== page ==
SMSFs warned on increase in trust and SMSF legal disputes
Legal disputes over trusts and SMSFs are continuing to see an increase, creating the need for increased safeguards to protect against future uncertainty, according to Equity Trustees.
In a recent update, Equity Trustees estate planning national manager Marie Brownell said there had been a marked rise in legal wrangles over trusts and SMSFs in the past year.
There are a few reasons for the increase, she noted, including the use of DIY or off-the-shelf trusts, which can lead to issues down the track.
“A common issue we see with trusts is where someone has gone to their accountant to seek advice on how to minimise tax. The accountant then uses an off-the-shelf trust which is often not drafted properly,” Ms Brownell said.
“Australians are a nation of DIY fanatics but trusts are complex legal structures and not something anyone should create without specialist legal advice.”
Ms Brownell noted that there is a rise in disputes over SMSFs as the number of Australians seeking to take control of their own super has increased. The latest ATO data shows there are almost 600,000 SMSFs with a combined total of 1.11 million members.
“As a result of the proliferation of SMSFs in Australia, we are seeing more SMSFs challenging trust decisions as a result of trustees acting negligently, incompetently or even fraudulently,” she said.
A well-known example of such a case is Wareham v Marsella. Mrs Swanson created an SMSF and was the sole member. The fund’s trustees were herself and her daughter, Mrs Wareham. In the terms of her will, Mrs Swanson nominated her second husband, Mr Marsella, as executor.
Mrs Swanson did not leave a binding death benefit nomination for the SMSF and on her mother’s passing, Mrs Wareham, who continued as a trustee of the SMSF when her mother died, resolved to pay all of the $450,000 death benefit from the SMSF to herself.
Her stepfather filed a lawsuit claiming Mrs Wareham had exercised her discretion over the SMSF without real and genuine consideration to the trust’s objectives, asked the court to set aside the trustee’s discretion and requested a different trustee be appointed.
Mr Marsella was successful in all three of the claims in the Supreme Court, and Mrs Wareham also lost an appeal.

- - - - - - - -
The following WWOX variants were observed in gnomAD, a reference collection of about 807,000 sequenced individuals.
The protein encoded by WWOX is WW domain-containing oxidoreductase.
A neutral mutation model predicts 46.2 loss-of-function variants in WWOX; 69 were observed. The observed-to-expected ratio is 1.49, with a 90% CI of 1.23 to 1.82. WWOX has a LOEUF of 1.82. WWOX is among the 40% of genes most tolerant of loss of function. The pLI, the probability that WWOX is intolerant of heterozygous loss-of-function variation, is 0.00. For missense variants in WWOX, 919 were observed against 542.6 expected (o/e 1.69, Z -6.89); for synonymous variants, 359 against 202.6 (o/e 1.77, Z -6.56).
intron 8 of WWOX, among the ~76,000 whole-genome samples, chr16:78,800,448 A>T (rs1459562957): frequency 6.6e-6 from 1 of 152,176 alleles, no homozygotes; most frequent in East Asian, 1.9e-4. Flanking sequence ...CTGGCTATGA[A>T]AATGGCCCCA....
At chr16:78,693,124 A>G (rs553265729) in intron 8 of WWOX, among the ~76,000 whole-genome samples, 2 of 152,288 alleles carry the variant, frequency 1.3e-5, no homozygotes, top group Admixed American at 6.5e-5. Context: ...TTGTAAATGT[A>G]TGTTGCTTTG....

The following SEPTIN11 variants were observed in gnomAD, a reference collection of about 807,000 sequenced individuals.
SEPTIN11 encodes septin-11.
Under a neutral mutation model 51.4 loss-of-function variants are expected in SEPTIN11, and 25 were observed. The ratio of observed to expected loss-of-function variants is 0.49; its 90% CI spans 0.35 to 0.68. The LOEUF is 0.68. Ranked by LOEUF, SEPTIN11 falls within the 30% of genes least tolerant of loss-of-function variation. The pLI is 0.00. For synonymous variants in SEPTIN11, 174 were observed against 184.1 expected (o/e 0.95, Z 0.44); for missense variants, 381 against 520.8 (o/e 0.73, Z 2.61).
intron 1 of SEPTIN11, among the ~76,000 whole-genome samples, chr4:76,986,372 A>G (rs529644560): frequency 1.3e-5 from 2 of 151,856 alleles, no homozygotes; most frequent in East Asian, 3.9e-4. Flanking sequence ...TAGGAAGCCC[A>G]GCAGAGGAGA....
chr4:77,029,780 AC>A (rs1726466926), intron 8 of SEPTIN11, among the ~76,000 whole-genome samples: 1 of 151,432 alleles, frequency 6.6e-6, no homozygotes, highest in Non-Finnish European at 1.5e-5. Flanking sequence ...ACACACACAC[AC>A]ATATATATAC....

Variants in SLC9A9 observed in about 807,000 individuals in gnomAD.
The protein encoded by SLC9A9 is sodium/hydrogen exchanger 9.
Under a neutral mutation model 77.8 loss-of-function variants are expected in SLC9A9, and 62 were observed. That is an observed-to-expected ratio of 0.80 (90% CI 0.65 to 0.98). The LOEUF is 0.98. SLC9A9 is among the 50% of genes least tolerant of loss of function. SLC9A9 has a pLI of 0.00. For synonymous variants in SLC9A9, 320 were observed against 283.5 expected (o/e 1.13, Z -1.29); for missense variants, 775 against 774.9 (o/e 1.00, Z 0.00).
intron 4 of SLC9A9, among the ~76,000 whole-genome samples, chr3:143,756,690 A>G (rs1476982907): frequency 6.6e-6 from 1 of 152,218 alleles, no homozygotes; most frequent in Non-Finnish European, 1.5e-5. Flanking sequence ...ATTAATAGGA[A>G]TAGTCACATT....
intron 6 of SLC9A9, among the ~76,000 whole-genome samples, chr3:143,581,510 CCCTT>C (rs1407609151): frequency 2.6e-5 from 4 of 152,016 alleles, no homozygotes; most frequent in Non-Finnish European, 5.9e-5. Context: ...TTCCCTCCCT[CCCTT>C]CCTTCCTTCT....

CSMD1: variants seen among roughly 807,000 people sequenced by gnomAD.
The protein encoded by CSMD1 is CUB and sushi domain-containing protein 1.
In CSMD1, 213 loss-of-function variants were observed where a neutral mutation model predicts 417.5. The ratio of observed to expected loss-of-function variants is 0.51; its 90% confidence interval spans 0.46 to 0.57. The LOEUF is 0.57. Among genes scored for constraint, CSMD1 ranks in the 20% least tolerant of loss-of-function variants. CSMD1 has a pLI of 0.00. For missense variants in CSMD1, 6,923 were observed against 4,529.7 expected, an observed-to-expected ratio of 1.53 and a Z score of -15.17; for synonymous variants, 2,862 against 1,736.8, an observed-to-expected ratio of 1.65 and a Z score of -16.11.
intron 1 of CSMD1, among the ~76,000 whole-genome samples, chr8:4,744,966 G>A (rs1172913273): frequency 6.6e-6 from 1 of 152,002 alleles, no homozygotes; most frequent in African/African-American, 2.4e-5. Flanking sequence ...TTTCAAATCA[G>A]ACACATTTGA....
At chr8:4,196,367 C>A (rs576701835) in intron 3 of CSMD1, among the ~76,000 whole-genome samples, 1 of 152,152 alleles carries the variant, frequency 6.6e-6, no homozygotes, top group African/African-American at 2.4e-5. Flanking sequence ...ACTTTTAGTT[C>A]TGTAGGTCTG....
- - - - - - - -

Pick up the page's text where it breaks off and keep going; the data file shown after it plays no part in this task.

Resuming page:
“Before setting up an SMSF, it is important to understand the trust’s rules,” Ms Brownell warned.
“It’s often forgotten that superannuation death benefits do not automatically fall into the estate for distribution in accordance with the will. In the absence of a binding death benefit nomination, the trustee of the fund will decide who gets the benefit.
“What’s usually overlooked is who that continuing trustee might be. If it’s someone who stands to benefit themselves, in a manner contrary to your wishes, then you need to carefully consider what steps you need to take to ensure your death benefit is paid as you intend.”
Ms Brownell said there were many good reasons for establishing a trust. This includes protecting and transferring wealth and business assets, flexibility in distributing income and capital to beneficiaries across generations
It will also need to be able to manage superannuation assets and establish regular giving to charitable causes.
“In order to establish a trust that is suitable for your current and changing circumstances, as well as those of your loved ones, always get proper legal advice, ensure you have a good succession plan for who is going to control the trust on death or incapacity and never sign anything you don’t understand,” Ms Brownell added.
Tony Zhang is a Journalist at SMSF Adviser, which is the leading source of news, strategy and educational content for professionals working in the SMSF sector.
Since joining the team in 2020, Tony has covered various publications across the legal, financial and professional services sectors including Lawyers Weekly, Adviser Innovation, ifa and Accountants Daily.